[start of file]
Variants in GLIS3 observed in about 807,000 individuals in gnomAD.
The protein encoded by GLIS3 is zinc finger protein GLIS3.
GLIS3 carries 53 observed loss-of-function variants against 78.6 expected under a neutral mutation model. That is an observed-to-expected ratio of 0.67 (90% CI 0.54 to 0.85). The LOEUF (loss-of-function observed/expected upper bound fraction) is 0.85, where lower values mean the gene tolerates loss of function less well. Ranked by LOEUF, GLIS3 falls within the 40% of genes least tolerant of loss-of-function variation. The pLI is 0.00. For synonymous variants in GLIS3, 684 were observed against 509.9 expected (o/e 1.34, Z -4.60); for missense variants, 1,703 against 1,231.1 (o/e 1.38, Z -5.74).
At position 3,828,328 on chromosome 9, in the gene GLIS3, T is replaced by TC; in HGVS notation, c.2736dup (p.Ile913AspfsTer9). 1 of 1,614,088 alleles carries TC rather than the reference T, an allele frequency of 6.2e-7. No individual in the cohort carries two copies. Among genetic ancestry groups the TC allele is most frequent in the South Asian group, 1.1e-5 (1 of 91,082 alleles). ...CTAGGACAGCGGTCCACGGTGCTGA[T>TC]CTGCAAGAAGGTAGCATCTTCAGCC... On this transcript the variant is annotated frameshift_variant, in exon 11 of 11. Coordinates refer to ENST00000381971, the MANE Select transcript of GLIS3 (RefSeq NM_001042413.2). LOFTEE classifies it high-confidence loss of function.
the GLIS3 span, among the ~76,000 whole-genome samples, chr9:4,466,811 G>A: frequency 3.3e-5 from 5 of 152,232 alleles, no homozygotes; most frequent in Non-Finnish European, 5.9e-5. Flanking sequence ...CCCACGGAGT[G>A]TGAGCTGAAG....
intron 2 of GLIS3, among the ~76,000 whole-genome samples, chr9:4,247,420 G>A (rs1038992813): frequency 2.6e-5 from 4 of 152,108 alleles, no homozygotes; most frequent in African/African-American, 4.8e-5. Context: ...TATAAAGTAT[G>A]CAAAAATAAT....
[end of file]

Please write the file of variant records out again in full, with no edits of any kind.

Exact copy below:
Variants in GLIS3 observed in about 807,000 individuals in gnomAD.
The protein encoded by GLIS3 is zinc finger protein GLIS3.
GLIS3 carries 53 observed loss-of-function variants against 78.6 expected under a neutral mutation model. That is an observed-to-expected ratio of 0.67 (90% CI 0.54 to 0.85). The LOEUF (loss-of-function observed/expected upper bound fraction) is 0.85, where lower values mean the gene tolerates loss of function less well. Ranked by LOEUF, GLIS3 falls within the 40% of genes least tolerant of loss-of-function variation. The pLI is 0.00. For synonymous variants in GLIS3, 684 were observed against 509.9 expected (o/e 1.34, Z -4.60); for missense variants, 1,703 against 1,231.1 (o/e 1.38, Z -5.74).
At position 3,828,328 on chromosome 9, in the gene GLIS3, T is replaced by TC; in HGVS notation, c.2736dup (p.Ile913AspfsTer9). 1 of 1,614,088 alleles carries TC rather than the reference T, an allele frequency of 6.2e-7. No individual in the cohort carries two copies. Among genetic ancestry groups the TC allele is most frequent in the South Asian group, 1.1e-5 (1 of 91,082 alleles). ...CTAGGACAGCGGTCCACGGTGCTGA[T>TC]CTGCAAGAAGGTAGCATCTTCAGCC... On this transcript the variant is annotated frameshift_variant, in exon 11 of 11. Coordinates refer to ENST00000381971, the MANE Select transcript of GLIS3 (RefSeq NM_001042413.2). LOFTEE classifies it high-confidence loss of function.
the GLIS3 span, among the ~76,000 whole-genome samples, chr9:4,466,811 G>A: frequency 3.3e-5 from 5 of 152,232 alleles, no homozygotes; most frequent in Non-Finnish European, 5.9e-5. Flanking sequence ...CCCACGGAGT[G>A]TGAGCTGAAG....
intron 2 of GLIS3, among the ~76,000 whole-genome samples, chr9:4,247,420 G>A (rs1038992813): frequency 2.6e-5 from 4 of 152,108 alleles, no homozygotes; most frequent in African/African-American, 4.8e-5. Context: ...TATAAAGTAT[G>A]CAAAAATAAT....